Coming Back Home

As Steve Kassay walks around the University of Georgia Health Sciences Campus, hand-in-hand with his wife Nancy, he points out places that spark memories.

Steve has returned to the campus he called home for six months when the grounds of the Health Sciences Campus were used as the Navy Supply Corps School for the U.S. Navy. The Navy Supply Corps was at this location on Prince avenue from 1953 – 2010. During this time, all active-duty supply corps officers in the U.S. Navy were trained in Athens.

Following its closing in 2010, the Navy transferred the property to the U.S. Department of Education who then deeded the property to the University of Georgia. The campus now houses the Augusta University/ University of Georgia Medical Partnership and the University of Georgia College of Public Health.

Steve suffers from the early stages of dementia, but remembers the mornings spent in Royar Square in front of Winnie Davis Hall with amazing accuracy.

“This is where we would line up in the mornings,” Steve said. “If we weren’t dressed just right, we would get demerits.”

Steve was born on March 12, 1942 in Cleveland and is 77 years young. He graduated from Purdue University in 1964, followed by graduate school at Tulane University.

After one year at Tulane, he decided to leave the university.

“I was tired of school,” he said.

That was when Steve started thinking about a different future.

“I looked at the draft board and realized my chances of being drafted were very high,” he said. “That’s what led me to join the Navy.”

Steve settled on the Navy through the process of elimination.

“I’m flatfooted, so the Army wouldn’t take me, and the Air Force wanted you in for five years, so I worked my way to the Navy and met with a recruiter so they could take a look at me,” Steve said. “And that’s how I ended up in the Navy.”

In June of 1965, he started Officer Candidate School in Rhode Island.

“They turn you into military,” Steve said of OCS. “Or at least try to.”

Steve said OCS was more about breaking you down mentally than physically.

“They would tell us to do these impossible things like read nine hundred pages in a book each night,” said Steve. “Others were going crazy trying to do these things, and I told them to sit back and relax, because it was impossible.”

“Steve doesn’t like rules,” said Nancy. “And they would get demerits for dressing wrong, being late, anything.”

Nancy said Steve found his way around a few things.

“He couldn’t make a bed to save his life,” she said, “so he traded off with his roommate. The roommate would make the bed, and Steve would help with academics.”

Steve said he found his way to the Supply Corps kind of like he did with the Navy itself—the process of elimination.

“I couldn’t see well, so I couldn’t drive a ship,” he said.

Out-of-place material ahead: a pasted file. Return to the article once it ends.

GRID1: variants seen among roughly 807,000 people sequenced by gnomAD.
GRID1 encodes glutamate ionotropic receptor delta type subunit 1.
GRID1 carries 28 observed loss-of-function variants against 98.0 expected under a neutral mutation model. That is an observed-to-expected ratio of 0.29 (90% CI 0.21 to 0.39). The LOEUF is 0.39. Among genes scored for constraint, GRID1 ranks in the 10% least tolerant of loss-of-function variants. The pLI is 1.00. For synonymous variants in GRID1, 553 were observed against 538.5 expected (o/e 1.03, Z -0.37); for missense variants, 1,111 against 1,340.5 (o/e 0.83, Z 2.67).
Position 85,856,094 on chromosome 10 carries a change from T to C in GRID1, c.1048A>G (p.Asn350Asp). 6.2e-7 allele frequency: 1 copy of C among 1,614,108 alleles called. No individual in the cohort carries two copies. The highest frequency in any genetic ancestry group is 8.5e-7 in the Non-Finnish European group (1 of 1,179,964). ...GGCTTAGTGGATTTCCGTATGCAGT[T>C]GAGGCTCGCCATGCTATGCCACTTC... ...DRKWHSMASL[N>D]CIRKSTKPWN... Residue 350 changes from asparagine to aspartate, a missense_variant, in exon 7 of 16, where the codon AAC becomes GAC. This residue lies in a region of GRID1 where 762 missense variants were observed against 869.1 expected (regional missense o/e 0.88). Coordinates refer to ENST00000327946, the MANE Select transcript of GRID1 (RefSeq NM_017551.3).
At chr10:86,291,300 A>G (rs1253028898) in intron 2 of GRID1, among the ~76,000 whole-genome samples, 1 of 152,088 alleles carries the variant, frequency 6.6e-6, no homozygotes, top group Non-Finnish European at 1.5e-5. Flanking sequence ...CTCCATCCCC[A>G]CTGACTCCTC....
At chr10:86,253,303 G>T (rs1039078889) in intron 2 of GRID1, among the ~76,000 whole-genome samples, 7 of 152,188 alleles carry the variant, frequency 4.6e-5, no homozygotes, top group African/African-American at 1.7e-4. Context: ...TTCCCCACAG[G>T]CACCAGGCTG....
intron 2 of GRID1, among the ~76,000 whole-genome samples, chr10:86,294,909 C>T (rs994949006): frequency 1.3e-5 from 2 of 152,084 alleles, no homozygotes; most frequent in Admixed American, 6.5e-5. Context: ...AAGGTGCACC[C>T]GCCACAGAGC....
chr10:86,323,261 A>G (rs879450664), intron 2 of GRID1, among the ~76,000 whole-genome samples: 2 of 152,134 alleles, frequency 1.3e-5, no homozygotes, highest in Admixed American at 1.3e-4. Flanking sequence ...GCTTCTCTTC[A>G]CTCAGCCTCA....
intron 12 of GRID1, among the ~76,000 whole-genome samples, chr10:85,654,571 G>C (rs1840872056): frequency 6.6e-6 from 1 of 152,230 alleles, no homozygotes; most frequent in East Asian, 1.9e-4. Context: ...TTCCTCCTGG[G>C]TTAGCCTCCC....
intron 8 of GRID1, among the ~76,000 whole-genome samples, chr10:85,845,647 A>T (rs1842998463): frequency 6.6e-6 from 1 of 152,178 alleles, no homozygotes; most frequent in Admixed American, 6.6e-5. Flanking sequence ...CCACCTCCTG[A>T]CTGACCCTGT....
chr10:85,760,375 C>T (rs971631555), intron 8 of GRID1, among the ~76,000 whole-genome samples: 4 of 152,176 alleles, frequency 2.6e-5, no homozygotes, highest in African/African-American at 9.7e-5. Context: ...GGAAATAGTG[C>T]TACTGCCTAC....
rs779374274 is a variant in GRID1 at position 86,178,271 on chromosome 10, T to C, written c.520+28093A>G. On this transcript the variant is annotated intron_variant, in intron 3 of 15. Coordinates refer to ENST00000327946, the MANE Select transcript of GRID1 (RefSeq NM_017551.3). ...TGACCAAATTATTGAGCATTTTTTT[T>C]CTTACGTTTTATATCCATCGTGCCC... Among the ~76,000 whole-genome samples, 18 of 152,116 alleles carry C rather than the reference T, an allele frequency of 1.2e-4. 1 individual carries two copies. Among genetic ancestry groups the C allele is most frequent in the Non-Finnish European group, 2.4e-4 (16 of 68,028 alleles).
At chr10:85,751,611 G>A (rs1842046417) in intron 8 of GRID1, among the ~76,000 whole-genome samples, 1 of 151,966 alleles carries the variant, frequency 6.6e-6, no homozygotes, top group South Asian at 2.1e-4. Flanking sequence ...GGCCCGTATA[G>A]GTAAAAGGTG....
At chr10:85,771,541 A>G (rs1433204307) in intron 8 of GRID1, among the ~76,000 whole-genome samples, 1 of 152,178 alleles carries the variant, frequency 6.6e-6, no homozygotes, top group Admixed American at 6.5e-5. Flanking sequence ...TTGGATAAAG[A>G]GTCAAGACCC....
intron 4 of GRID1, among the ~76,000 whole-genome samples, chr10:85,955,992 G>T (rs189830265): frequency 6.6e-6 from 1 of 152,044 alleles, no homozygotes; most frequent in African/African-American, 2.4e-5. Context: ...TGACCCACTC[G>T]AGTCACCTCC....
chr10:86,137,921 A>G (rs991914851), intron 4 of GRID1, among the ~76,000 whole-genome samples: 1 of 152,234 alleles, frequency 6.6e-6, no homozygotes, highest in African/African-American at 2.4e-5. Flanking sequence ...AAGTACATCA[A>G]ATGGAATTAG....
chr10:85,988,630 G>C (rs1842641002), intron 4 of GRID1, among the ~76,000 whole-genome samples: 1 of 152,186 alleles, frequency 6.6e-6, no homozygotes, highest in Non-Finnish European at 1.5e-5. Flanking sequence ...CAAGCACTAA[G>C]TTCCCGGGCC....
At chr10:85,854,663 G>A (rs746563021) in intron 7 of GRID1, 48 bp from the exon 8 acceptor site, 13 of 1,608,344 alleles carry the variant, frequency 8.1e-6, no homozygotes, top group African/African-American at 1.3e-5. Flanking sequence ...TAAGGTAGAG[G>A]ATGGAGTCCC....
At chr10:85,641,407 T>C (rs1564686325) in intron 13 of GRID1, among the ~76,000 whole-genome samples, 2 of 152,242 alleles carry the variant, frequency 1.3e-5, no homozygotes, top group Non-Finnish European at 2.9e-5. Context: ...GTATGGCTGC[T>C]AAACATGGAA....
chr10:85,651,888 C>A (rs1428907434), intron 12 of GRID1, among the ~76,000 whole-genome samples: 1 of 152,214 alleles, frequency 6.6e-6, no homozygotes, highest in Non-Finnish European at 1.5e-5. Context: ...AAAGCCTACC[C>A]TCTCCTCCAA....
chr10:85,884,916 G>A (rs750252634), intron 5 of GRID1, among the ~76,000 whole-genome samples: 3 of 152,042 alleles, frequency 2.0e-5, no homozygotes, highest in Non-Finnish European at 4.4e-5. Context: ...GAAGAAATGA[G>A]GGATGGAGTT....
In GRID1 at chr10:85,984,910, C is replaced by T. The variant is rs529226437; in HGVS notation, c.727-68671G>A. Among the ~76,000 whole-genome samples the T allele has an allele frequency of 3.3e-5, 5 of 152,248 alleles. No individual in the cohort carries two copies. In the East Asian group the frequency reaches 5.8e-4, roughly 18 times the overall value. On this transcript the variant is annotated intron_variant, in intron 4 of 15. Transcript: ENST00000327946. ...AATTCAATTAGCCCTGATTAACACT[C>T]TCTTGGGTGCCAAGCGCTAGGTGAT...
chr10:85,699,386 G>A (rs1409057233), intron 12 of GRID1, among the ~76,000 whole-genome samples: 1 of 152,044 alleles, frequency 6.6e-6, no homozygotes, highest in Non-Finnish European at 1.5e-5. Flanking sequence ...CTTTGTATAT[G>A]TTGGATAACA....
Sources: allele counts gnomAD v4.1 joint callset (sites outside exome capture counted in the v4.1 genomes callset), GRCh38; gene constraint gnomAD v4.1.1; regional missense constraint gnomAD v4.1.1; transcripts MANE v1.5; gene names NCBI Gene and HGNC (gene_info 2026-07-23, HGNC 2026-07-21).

He left OCS in September of 1965 and got word he would be coming to Athens to go through Navy Supply School.

“Up until then I didn’t know where the South was,” Steve said. “My family didn’t travel, so my whole world was within 100 of Cleveland.”

He arrived in Athens in October of 1965 after driving the whole way from Ohio.

“It was like going to school,” Steve said of his time here.

The Kassays are pretty certain that Steve lived in what is now Miller Hall and currently houses the University of Georgia College of Public Health faculty.

“I enjoyed my time in Athens,” said Steve.

Following his training at the Navy Supply Corps School, Steve left Athens in March 1966 for San Diego where he worked on the USS Nereus. The Nereus was a submarine tender, and supply officers on board made sure submarines were stocked and supplied properly.

During his time in San Diego, Steve was promoted to Lieutenant Junior Grade before working his way to Lieutenant.

In August of 1968, Steve was released from active duty and became listed as a reserve officer.

Nancy and Steve met in Santa Monica, California in August of 1971. At the time, he was selling medical insurance with New York Life and made a personal sales call to her office. They later married in Las Vegas, Nevada, on December 21, 1972.

“The service was performed by a real minister, not Elvis!” said Nancy.

In June of 1974, Steve was granted honorable discharge from the Navy. Following this, Kassay spent the majority of his career in the computer software business and also taught math for 12 years.

Steve and Nancy decided to move to Athens from Los Angeles in 2003 after they had both retired. Nancy still has family in south Georgia, and the two also wanted the atmosphere of a college town.

In the fall of 2018, the Kassays made a trip to the Augusta University/ University of Georgia Medical Partnership to donate some of Steve’s old Navy items—his sword (engraved with his name), his hat, and insignias. The Kassays do not have children wanted the memorabilia to go to a special place.

“We didn’t want to give the items to someone they don’t mean anything to,” said Nancy.

“That sword is significant,” said Steve’s caregiver Kaitlyn Quinn. “It represents an accomplishment during a time in his life, and he wanted it to be taken care of.”

When Steve and Nancy were invited back to the Medical Partnership to tour the campus and give an interview, Nancy said Steve was giddy with excitement.

“This is all he’s been talking about” she said. “I’ve heard about it every single day.”

Staff members at the Medical Partnership are going through ways to properly display Kassay’s Navy belongings with the honor that they deserve.

As for Steve, he feels glad that his Navy items have returned to their home.

“It’s a great place for them to be,” he said. “I’m thrilled they’re back.”

For more information about attending the Medical College of Georgia at the Medical Partnership campus

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